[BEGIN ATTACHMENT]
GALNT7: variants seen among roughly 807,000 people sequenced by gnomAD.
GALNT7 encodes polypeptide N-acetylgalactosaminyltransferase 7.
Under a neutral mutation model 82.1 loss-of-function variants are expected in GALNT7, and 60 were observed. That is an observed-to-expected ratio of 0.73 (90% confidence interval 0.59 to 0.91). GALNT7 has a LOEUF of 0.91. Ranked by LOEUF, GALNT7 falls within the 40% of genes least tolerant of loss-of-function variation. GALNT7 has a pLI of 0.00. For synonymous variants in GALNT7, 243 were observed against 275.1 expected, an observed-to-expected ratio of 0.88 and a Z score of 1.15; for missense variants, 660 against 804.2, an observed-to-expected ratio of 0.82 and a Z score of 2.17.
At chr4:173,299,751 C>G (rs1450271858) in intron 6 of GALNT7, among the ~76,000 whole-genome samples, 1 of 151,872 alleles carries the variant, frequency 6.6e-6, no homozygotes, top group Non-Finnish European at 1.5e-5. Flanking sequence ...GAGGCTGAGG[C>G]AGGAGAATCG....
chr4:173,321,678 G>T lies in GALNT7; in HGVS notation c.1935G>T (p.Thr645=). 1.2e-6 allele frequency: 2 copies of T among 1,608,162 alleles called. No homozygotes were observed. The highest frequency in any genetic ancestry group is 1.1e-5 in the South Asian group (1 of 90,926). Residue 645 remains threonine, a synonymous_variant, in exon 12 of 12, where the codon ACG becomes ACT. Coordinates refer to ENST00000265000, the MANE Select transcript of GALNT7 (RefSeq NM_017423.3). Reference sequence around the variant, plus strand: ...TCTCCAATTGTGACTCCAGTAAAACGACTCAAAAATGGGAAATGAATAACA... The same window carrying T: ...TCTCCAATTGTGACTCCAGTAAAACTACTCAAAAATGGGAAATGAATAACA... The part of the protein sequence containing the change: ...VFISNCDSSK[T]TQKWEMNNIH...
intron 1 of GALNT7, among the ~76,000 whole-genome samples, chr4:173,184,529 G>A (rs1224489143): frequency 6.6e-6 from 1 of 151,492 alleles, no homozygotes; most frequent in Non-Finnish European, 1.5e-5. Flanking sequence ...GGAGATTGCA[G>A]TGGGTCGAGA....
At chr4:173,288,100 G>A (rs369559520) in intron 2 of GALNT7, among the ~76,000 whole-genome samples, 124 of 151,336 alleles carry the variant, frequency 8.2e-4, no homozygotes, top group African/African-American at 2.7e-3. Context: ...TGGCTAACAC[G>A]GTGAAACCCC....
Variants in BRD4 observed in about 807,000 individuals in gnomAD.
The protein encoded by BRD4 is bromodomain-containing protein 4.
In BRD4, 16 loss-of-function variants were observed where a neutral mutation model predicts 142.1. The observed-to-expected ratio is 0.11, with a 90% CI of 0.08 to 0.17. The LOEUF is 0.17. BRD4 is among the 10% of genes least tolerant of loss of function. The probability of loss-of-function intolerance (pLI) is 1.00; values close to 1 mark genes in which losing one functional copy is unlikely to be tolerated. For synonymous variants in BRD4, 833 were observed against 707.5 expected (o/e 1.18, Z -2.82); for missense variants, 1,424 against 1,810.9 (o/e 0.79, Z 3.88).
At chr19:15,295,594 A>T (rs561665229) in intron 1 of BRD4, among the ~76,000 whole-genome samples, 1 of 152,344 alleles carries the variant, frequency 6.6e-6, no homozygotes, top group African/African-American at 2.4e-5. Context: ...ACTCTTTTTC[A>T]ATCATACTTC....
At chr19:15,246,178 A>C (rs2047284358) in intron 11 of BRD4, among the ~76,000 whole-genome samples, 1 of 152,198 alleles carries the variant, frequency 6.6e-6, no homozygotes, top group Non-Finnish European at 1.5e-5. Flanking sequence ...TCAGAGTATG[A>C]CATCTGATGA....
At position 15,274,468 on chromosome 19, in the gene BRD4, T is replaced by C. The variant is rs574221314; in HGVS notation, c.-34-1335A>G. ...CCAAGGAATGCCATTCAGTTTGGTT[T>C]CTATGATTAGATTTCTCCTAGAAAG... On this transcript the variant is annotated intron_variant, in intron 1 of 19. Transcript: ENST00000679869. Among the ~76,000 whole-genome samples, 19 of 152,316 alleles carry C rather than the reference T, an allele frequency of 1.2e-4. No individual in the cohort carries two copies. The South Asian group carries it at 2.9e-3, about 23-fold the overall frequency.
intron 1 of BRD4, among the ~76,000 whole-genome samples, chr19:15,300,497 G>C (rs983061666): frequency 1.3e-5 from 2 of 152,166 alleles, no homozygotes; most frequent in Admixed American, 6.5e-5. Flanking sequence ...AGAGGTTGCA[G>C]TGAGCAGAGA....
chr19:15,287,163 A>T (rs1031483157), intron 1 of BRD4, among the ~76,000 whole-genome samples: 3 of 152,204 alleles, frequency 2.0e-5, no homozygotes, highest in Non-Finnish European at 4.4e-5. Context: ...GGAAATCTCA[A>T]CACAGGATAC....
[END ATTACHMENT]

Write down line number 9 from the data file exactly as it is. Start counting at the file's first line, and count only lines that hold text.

The protein encoded by BRD4 is bromodomain-containing protein 4.